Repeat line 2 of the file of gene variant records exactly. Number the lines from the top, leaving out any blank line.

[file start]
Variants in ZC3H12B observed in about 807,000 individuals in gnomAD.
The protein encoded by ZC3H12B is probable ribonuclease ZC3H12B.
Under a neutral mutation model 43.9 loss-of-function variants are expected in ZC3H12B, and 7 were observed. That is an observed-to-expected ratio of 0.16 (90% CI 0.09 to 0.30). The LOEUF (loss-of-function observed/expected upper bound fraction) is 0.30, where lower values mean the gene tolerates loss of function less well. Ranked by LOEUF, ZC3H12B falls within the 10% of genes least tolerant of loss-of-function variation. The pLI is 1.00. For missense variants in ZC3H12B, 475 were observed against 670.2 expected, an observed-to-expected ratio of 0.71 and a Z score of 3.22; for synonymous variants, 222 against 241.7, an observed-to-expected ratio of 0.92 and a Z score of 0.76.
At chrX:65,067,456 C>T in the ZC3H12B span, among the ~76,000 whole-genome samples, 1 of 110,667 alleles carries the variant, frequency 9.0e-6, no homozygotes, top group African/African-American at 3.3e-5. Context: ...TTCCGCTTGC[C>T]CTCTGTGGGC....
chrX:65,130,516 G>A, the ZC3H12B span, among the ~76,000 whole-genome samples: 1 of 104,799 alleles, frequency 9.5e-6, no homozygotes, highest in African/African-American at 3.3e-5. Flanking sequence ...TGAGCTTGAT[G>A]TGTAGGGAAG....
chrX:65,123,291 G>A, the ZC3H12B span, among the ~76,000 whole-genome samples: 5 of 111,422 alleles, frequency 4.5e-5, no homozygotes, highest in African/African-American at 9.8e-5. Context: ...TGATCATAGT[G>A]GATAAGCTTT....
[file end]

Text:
The protein encoded by ZC3H12B is probable ribonuclease ZC3H12B.